Abstract and Keywords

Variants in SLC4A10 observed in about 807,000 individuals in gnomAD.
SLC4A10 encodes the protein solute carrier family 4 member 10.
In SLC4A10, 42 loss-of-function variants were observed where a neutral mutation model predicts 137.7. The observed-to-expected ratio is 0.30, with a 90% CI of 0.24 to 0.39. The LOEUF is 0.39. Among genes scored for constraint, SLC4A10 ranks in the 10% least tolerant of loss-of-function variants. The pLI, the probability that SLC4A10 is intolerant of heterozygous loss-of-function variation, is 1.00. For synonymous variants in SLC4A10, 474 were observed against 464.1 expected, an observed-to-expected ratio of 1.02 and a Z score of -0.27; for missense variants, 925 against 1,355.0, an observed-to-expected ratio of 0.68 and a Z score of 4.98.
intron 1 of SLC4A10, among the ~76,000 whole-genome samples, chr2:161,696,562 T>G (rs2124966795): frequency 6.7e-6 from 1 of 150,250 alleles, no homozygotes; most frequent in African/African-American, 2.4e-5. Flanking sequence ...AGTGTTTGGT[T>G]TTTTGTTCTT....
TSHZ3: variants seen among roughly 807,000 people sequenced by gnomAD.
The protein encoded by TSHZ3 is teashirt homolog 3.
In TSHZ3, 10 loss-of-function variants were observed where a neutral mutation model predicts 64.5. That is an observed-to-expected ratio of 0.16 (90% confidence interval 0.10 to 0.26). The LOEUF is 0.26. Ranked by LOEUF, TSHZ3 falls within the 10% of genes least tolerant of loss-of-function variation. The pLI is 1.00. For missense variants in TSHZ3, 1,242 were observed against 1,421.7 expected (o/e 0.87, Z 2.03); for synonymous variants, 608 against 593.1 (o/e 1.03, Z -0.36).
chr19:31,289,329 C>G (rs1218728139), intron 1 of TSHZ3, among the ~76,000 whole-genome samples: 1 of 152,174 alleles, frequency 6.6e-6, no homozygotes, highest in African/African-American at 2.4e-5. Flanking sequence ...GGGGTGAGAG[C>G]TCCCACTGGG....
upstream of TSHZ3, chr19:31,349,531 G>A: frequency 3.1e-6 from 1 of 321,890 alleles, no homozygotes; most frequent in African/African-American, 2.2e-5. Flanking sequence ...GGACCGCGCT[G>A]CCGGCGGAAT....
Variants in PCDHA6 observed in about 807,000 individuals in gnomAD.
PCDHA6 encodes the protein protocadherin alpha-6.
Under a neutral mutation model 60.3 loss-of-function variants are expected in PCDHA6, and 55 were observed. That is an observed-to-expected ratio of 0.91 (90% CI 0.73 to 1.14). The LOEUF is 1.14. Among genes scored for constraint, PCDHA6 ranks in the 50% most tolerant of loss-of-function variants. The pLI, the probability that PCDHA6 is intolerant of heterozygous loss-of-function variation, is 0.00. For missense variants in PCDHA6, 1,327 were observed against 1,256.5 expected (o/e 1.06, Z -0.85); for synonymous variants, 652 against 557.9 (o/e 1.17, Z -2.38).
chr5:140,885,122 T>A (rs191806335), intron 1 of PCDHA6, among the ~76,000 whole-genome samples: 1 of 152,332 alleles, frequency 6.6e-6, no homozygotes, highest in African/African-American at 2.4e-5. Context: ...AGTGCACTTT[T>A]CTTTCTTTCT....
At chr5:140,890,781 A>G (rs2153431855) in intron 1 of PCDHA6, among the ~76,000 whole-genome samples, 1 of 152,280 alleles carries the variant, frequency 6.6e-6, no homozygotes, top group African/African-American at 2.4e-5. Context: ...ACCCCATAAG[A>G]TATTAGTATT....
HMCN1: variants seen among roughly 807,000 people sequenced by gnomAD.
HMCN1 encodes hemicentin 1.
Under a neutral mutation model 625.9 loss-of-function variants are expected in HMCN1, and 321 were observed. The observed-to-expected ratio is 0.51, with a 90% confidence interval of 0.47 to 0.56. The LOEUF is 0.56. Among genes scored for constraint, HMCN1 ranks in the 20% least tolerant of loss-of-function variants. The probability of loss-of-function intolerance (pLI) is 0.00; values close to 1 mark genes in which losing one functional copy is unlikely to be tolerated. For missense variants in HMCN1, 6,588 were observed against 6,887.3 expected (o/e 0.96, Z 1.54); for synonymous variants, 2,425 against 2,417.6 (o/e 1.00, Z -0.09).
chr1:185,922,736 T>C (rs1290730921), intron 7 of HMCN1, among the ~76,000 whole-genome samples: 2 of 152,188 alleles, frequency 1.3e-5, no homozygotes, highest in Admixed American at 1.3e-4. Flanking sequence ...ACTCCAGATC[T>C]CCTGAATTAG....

As with myth, the ancient Greeks did not have a term equivalent to what we refer to as ritual. On the one hand, the heroic past of Greece was rendered as archaion or palaion, on the other, cultural and religious practices were grasped in terms of agency (drama in particular). Attic tragedy is particularly meaningful in terms of this double foundation, spoken word and (dramatic) action, of what we call Greek religion. Integrated into a mousikos agon, tragedy is itself a ritualized poetic form: it stages an exemplary action taken from the heroic past of the civic community to lead up, at times through the aetiological institution of a cult, to its musical performance as part of ritual honours dedicated to a deity. From this point of view, attention is directed in particular to the choral songs which frame and punctuate, though ritual pragmatics, the dramatization of the tragic action.
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